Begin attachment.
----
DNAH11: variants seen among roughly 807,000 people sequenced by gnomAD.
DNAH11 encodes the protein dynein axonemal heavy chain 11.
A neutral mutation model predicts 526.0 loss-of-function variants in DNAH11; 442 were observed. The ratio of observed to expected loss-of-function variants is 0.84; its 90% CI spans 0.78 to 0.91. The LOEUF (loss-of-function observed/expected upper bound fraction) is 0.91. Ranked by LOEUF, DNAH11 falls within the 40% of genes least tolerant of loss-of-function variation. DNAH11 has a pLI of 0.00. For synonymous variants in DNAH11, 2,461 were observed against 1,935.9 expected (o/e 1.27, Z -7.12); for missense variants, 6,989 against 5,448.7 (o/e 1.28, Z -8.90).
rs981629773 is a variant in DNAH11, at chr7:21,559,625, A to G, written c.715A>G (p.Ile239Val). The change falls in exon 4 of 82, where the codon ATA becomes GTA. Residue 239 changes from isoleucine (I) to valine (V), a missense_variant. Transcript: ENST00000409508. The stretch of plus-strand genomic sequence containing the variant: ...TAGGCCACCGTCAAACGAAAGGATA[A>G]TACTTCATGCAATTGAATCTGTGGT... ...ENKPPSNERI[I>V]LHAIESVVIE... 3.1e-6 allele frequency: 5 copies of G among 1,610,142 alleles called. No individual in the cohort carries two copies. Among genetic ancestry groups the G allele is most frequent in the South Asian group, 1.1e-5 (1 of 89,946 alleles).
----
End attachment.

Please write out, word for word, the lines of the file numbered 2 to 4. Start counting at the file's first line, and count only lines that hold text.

DNAH11 encodes the protein dynein axonemal heavy chain 11.
A neutral mutation model predicts 526.0 loss-of-function variants in DNAH11; 442 were observed. The ratio of observed to expected loss-of-function variants is 0.84; its 90% CI spans 0.78 to 0.91. The LOEUF (loss-of-function observed/expected upper bound fraction) is 0.91. Ranked by LOEUF, DNAH11 falls within the 40% of genes least tolerant of loss-of-function variation. DNAH11 has a pLI of 0.00. For synonymous variants in DNAH11, 2,461 were observed against 1,935.9 expected (o/e 1.27, Z -7.12); for missense variants, 6,989 against 5,448.7 (o/e 1.28, Z -8.90).
rs981629773 is a variant in DNAH11, at chr7:21,559,625, A to G, written c.715A>G (p.Ile239Val). The change falls in exon 4 of 82, where the codon ATA becomes GTA. Residue 239 changes from isoleucine (I) to valine (V), a missense_variant. Transcript: ENST00000409508. The stretch of plus-strand genomic sequence containing the variant: ...TAGGCCACCGTCAAACGAAAGGATA[A>G]TACTTCATGCAATTGAATCTGTGGT... ...ENKPPSNERI[I>V]LHAIESVVIE... 3.1e-6 allele frequency: 5 copies of G among 1,610,142 alleles called. No individual in the cohort carries two copies. Among genetic ancestry groups the G allele is most frequent in the South Asian group, 1.1e-5 (1 of 89,946 alleles).